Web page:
- NASA does not think the comet hit the Red Planet, but comets spew out a trail of dust and gas, and that could damage the fleet of spacecraft orbiting Mars. Just to be safe, NASA will move the Mars Odyssey orbiter, Mars Reconnaissance Orbiter (MRO), and the new Mars Atmosphere and Volatile EvolutioN (MAVEN) to the other side of the planet as the comet approaches.
- The Mars orbiters will take pictures and collect data on the comet as it flys by. Several Earth-based and space telescopes, including the Hubble Space Telescope, also will take pictures. Here is the full list of NASA assets observing Siding Spring
- The comet was first discovered in January 2013 by Robert McNaught at the Siding Spring Observatory in Australia.
- Great article from Space.com on how to view the comet from Earth
Thanks for all the suggestions. If you have more, just send me a fan mail!
- maths help
- calculators (includes graphing, geometric, stats etc)
- microsoft word equivalent
- coffee shop sounds
- how to study guide
- essay structure guide
- help in a ton of subjects
- calm/nature sounds
- download free books
- maths knowledge site
- tips for a productive study break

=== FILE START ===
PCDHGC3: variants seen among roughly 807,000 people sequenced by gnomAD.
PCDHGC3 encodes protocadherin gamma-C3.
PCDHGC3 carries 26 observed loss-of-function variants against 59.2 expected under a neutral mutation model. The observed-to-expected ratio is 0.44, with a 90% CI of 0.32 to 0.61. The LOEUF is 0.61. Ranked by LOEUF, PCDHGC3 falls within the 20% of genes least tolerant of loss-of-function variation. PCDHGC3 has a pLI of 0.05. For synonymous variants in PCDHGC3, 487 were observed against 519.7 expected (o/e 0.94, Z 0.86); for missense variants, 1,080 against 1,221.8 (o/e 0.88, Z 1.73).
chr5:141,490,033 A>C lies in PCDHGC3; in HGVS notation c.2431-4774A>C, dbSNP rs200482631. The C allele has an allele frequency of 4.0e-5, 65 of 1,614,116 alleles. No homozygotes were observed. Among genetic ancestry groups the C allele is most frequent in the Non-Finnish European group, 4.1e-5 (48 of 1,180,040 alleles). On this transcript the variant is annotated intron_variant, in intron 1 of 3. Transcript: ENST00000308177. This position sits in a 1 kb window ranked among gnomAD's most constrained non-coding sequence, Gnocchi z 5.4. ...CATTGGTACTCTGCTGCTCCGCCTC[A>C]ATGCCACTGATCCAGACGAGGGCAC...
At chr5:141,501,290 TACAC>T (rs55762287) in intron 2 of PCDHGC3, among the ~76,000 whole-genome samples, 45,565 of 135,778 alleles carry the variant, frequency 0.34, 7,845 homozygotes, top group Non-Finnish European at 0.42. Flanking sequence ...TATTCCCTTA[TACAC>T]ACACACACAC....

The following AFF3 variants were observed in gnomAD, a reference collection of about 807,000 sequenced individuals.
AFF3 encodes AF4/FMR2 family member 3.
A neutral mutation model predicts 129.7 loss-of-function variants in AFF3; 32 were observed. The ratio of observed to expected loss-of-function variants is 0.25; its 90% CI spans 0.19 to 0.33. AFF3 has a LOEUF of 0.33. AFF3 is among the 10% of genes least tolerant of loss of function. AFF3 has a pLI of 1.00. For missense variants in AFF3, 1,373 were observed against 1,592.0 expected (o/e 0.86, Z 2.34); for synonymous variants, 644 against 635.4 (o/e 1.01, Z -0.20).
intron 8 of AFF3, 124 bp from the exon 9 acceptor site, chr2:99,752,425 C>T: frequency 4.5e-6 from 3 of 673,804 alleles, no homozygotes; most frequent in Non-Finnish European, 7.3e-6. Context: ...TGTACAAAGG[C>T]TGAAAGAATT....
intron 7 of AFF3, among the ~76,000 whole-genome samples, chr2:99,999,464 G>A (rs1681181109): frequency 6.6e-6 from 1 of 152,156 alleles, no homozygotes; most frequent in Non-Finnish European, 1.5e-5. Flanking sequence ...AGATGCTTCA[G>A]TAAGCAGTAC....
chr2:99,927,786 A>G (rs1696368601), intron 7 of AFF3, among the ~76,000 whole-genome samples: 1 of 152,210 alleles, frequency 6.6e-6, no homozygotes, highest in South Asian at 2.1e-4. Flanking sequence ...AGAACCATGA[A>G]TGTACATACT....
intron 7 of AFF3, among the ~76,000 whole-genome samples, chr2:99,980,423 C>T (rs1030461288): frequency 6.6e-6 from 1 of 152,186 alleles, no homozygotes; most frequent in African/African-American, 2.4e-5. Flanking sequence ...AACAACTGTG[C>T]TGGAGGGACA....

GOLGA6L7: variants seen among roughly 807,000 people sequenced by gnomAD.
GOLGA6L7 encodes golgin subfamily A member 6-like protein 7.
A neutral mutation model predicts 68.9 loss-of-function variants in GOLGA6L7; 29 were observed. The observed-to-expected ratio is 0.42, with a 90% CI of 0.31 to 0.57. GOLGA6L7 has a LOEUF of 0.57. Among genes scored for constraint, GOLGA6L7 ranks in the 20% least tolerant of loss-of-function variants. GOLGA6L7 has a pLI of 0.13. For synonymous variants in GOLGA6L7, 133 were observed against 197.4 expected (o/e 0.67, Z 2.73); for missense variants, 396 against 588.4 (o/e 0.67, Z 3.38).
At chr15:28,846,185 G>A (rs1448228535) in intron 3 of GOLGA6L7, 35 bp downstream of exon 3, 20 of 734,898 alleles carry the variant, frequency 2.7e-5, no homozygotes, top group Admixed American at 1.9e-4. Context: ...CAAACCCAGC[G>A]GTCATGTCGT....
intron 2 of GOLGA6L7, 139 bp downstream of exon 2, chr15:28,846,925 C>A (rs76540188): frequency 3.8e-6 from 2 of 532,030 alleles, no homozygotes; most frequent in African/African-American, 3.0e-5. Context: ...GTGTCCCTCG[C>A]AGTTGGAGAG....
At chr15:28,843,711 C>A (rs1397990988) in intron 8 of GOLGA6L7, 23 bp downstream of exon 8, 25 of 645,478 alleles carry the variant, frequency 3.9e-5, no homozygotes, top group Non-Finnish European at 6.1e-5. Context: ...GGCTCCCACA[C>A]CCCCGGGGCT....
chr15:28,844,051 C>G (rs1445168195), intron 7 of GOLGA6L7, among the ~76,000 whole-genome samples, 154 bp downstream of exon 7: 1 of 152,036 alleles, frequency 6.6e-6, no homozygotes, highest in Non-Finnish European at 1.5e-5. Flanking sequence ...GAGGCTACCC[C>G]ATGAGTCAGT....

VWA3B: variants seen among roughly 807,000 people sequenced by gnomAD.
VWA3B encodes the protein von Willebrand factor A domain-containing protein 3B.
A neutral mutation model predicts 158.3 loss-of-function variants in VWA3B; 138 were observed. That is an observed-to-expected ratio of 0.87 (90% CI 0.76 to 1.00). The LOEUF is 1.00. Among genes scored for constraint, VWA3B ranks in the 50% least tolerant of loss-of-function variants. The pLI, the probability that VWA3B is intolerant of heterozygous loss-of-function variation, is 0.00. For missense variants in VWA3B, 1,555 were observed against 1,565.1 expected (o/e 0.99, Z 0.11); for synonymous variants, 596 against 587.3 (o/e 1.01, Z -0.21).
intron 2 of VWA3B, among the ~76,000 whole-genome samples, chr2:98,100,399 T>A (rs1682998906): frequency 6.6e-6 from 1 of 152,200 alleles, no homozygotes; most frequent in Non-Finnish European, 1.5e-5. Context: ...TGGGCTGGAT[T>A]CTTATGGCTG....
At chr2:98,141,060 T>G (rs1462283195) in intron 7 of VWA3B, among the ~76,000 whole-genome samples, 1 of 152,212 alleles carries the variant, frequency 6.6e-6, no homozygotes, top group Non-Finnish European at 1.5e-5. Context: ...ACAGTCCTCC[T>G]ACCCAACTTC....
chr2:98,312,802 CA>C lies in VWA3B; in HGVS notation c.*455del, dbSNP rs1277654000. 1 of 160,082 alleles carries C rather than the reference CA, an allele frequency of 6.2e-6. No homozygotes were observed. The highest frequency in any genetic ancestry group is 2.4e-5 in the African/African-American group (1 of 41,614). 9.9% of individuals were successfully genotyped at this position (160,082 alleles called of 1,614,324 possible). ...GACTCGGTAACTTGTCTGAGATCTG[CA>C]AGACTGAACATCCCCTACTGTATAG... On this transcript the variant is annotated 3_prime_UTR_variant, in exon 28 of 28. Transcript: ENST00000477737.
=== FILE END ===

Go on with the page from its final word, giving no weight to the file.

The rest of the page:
- falling asleep tips
- how to google
- how to wake up in the morning
- improve your studying skills
- teaches anything
- thousands of quick and easy snack recipes
- cheap & healthy snacks
- quick and easy soup recipes
- chocolate muffin in a mug tutorial
- study snacks
- 40 on-the-go breakfast recipes
- macaroni cheese / mac&cheese in a cup
- yoga poses
- how long to nap
- go to a quiet place
- the thoughts room
- take a guided relaxation
- compliments generator
take a few minutes break
Study: DNA Strand Length Is Indicator Of Your Life Span
According to a team of geneticists, the longer a person’s telomeres (the protective ends of chromosomes) the longer they will live — at least, that’s the case among a group of heart disease patients studied.